accountabilitybloke (old blog)

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Shoddy work in China and Belfast….

One of Sennett’s observations reflects on a visit he made to a suburban housing complex in the Soviet Union in the months before the regime’s collapse. As a case example to highlight the costs of an over bureaucratized material culture that is indifferent to the human urge for craftsmanship, he takes note of the shoddy construction of the housing units and the obvious lack of care or concern (and perhaps corruption) by those who built the units.

Two recent news stories came to mind when reading that passage in Sennett. The first involved the tragic circumstances behind collapse of schools in China when the earthquake struck. Certainly the power of the quake had much to do with the collapse, but the news stories noted that other buildings nearby — including schools attended by wealthier students — withstood the shocks. From the outset of their on-the-scene coverage, the NPR crew took note of the feeling among the locals that the high number of deaths among the children was due to the poor construction of the buildings — and immediately fingers were being pointed in the direction of local officials….

The second story emerged on the 100th anniversary of the Titanic’s fateful voyage, and focuses on a recent book that raises questions about the role poor material (specifically, rivets made of substandard steel) and poor workmanship played in the sinking of the ship. The folks at the Belfast firm that built the ship (yes, they are still around) challenged the report which was co-authored by a metallurgist who has been making the rounds of TV interview shows to peddle her book. She would certainly have Sennett on her side….

May 29th, 2008 Posted by | accountabilitybloke | no comments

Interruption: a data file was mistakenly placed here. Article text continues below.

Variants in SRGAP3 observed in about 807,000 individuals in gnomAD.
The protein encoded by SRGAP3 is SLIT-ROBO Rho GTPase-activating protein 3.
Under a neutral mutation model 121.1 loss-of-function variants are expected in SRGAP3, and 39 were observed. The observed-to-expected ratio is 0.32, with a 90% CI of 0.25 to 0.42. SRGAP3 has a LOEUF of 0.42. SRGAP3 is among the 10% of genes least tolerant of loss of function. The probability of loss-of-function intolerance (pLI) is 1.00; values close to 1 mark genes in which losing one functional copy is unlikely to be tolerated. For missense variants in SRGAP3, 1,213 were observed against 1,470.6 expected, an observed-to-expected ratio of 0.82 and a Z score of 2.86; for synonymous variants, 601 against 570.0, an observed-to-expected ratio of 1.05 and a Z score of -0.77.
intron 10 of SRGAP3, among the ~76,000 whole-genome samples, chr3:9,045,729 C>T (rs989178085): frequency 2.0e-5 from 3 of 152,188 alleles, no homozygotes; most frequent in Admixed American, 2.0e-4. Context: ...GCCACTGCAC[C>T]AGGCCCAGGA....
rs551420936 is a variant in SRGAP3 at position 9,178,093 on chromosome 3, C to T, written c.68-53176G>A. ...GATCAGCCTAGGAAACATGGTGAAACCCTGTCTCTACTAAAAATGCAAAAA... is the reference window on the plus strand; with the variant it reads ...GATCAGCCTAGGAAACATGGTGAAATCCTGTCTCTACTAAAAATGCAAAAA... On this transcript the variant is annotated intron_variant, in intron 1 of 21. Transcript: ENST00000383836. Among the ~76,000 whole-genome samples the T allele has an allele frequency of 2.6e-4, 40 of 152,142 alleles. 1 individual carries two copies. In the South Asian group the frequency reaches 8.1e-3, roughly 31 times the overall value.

Another summer with Sennett….

It has been a year since I completed the last “Richard Sennett trilogy” which I found interesting as individual volmes but a bit puzzling as a trio since there was no clear thematic or stylistic thread that held the works together beyond the focus on contemporary challenges to a meaningful existence (– which I guess was the theme….).

And just in time for my shift into summer reading mode, Sennett has published another work that is supposed to initiate still another trilogy, this time with a focus on what he terms the study of “technique” as “material culture”. The first volume, The Craftsman, is a response to Hannah Arendt’s argument in The Human Condition that modernity has elevated the mundane world of Animal laborens and undermined the human capacity to reflect on and judge (and perhaps to control) what it has produced. For Arendt the exercise of that capacity requires the reestablishment of Homo faber — man-the-maker who is capable of engaging in the collective determination of how the product of our labors would be put to use. Sennett’s theme is that such a capacity does not require a distinct class of individuals, but can be — and has been — exercised by those who engage in the production itself. What he seeks is the restoration of true craftsmanship where thoughtfulness and labor are combined, and he sees exemplary forms of such in the work of those who are motivated by the need to achieve higher standards in their work lives. (Gosh, I hope that makes sense….)

The read is good thus far, and I will share my thoughts on the book as I am able. But after reading about his plans for the trilogy, I think I will approach each book as a distinct piece rather than get entangled in trying to figure out the connections. His brief overview of the planned series already signals that the links among the three (The Craftsman, Warriors and Priests, and The Foreigner) will not be that clear. The second volume will focus on the crafts of religion and aggression, while the third will supposedly address the possibility of developing a craftsman-like approach to the challenge of sustainability. My head spins already…..

May 29th, 2008 Posted by | accountabilitybloke | no comments